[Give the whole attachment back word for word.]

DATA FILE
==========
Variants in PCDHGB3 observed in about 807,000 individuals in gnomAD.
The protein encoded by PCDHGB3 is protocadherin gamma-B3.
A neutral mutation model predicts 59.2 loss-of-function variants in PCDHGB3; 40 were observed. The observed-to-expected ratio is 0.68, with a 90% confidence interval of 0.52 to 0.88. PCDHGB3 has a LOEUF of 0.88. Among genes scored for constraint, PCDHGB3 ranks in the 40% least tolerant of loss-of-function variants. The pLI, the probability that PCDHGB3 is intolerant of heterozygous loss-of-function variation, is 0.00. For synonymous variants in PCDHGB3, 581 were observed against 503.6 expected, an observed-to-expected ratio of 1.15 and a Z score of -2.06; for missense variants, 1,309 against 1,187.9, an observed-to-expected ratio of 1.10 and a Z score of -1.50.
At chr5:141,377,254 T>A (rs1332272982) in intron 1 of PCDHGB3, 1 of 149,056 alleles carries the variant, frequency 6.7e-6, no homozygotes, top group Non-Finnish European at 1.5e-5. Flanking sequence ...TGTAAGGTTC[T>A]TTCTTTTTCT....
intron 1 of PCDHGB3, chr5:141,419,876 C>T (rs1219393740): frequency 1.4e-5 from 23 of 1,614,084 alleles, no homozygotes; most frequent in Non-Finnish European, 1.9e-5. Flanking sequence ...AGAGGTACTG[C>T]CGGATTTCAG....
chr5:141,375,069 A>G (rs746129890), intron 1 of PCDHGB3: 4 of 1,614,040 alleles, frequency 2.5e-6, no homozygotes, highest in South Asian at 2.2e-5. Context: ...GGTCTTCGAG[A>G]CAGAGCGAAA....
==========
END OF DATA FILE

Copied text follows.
Variants in PCDHGB3 observed in about 807,000 individuals in gnomAD.
The protein encoded by PCDHGB3 is protocadherin gamma-B3.
A neutral mutation model predicts 59.2 loss-of-function variants in PCDHGB3; 40 were observed. The observed-to-expected ratio is 0.68, with a 90% confidence interval of 0.52 to 0.88. PCDHGB3 has a LOEUF of 0.88. Among genes scored for constraint, PCDHGB3 ranks in the 40% least tolerant of loss-of-function variants. The pLI, the probability that PCDHGB3 is intolerant of heterozygous loss-of-function variation, is 0.00. For synonymous variants in PCDHGB3, 581 were observed against 503.6 expected, an observed-to-expected ratio of 1.15 and a Z score of -2.06; for missense variants, 1,309 against 1,187.9, an observed-to-expected ratio of 1.10 and a Z score of -1.50.
At chr5:141,377,254 T>A (rs1332272982) in intron 1 of PCDHGB3, 1 of 149,056 alleles carries the variant, frequency 6.7e-6, no homozygotes, top group Non-Finnish European at 1.5e-5. Flanking sequence ...TGTAAGGTTC[T>A]TTCTTTTTCT....
intron 1 of PCDHGB3, chr5:141,419,876 C>T (rs1219393740): frequency 1.4e-5 from 23 of 1,614,084 alleles, no homozygotes; most frequent in Non-Finnish European, 1.9e-5. Flanking sequence ...AGAGGTACTG[C>T]CGGATTTCAG....
chr5:141,375,069 A>G (rs746129890), intron 1 of PCDHGB3: 4 of 1,614,040 alleles, frequency 2.5e-6, no homozygotes, highest in South Asian at 2.2e-5. Context: ...GGTCTTCGAG[A>G]CAGAGCGAAA....